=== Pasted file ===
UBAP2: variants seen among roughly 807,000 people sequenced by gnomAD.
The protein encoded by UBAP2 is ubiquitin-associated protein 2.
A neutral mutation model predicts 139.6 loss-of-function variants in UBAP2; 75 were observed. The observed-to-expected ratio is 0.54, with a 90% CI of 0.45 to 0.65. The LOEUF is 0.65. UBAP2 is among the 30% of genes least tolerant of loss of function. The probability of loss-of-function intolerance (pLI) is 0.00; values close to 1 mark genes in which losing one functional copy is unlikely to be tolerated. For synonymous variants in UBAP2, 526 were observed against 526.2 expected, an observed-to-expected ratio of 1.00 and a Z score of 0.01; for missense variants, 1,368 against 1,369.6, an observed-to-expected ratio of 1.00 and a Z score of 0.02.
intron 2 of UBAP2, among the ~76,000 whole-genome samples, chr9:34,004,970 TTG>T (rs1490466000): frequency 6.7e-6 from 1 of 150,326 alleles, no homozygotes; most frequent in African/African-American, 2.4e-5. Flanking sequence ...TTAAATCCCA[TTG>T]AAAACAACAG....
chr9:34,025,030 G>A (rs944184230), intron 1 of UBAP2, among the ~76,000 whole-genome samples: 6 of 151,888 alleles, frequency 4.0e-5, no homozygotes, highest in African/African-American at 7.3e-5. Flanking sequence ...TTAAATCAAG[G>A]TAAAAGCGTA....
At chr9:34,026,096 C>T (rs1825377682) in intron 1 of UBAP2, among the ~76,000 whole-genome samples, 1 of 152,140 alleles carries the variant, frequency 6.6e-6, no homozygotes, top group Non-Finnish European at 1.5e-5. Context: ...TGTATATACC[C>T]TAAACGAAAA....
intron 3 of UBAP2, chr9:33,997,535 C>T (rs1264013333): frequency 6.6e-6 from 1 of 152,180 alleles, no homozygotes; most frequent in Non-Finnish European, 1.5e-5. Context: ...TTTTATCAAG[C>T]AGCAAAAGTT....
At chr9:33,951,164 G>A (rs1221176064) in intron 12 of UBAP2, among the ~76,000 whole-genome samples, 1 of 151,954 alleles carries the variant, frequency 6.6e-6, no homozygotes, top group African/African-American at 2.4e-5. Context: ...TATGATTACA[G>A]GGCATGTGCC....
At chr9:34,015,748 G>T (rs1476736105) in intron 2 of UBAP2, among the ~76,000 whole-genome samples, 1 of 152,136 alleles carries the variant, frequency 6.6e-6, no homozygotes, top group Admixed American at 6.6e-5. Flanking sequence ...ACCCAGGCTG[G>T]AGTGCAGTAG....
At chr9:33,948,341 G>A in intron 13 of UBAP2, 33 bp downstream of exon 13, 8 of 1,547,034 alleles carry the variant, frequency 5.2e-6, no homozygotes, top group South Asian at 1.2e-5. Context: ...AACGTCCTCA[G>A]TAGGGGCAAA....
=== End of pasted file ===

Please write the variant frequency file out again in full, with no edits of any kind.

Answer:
UBAP2: variants seen among roughly 807,000 people sequenced by gnomAD.
The protein encoded by UBAP2 is ubiquitin-associated protein 2.
A neutral mutation model predicts 139.6 loss-of-function variants in UBAP2; 75 were observed. The observed-to-expected ratio is 0.54, with a 90% CI of 0.45 to 0.65. The LOEUF is 0.65. UBAP2 is among the 30% of genes least tolerant of loss of function. The probability of loss-of-function intolerance (pLI) is 0.00; values close to 1 mark genes in which losing one functional copy is unlikely to be tolerated. For synonymous variants in UBAP2, 526 were observed against 526.2 expected, an observed-to-expected ratio of 1.00 and a Z score of 0.01; for missense variants, 1,368 against 1,369.6, an observed-to-expected ratio of 1.00 and a Z score of 0.02.
intron 2 of UBAP2, among the ~76,000 whole-genome samples, chr9:34,004,970 TTG>T (rs1490466000): frequency 6.7e-6 from 1 of 150,326 alleles, no homozygotes; most frequent in African/African-American, 2.4e-5. Flanking sequence ...TTAAATCCCA[TTG>T]AAAACAACAG....
chr9:34,025,030 G>A (rs944184230), intron 1 of UBAP2, among the ~76,000 whole-genome samples: 6 of 151,888 alleles, frequency 4.0e-5, no homozygotes, highest in African/African-American at 7.3e-5. Flanking sequence ...TTAAATCAAG[G>A]TAAAAGCGTA....
At chr9:34,026,096 C>T (rs1825377682) in intron 1 of UBAP2, among the ~76,000 whole-genome samples, 1 of 152,140 alleles carries the variant, frequency 6.6e-6, no homozygotes, top group Non-Finnish European at 1.5e-5. Context: ...TGTATATACC[C>T]TAAACGAAAA....
intron 3 of UBAP2, chr9:33,997,535 C>T (rs1264013333): frequency 6.6e-6 from 1 of 152,180 alleles, no homozygotes; most frequent in Non-Finnish European, 1.5e-5. Context: ...TTTTATCAAG[C>T]AGCAAAAGTT....
At chr9:33,951,164 G>A (rs1221176064) in intron 12 of UBAP2, among the ~76,000 whole-genome samples, 1 of 151,954 alleles carries the variant, frequency 6.6e-6, no homozygotes, top group African/African-American at 2.4e-5. Context: ...TATGATTACA[G>A]GGCATGTGCC....
At chr9:34,015,748 G>T (rs1476736105) in intron 2 of UBAP2, among the ~76,000 whole-genome samples, 1 of 152,136 alleles carries the variant, frequency 6.6e-6, no homozygotes, top group Admixed American at 6.6e-5. Flanking sequence ...ACCCAGGCTG[G>T]AGTGCAGTAG....
At chr9:33,948,341 G>A in intron 13 of UBAP2, 33 bp downstream of exon 13, 8 of 1,547,034 alleles carry the variant, frequency 5.2e-6, no homozygotes, top group South Asian at 1.2e-5. Context: ...AACGTCCTCA[G>A]TAGGGGCAAA....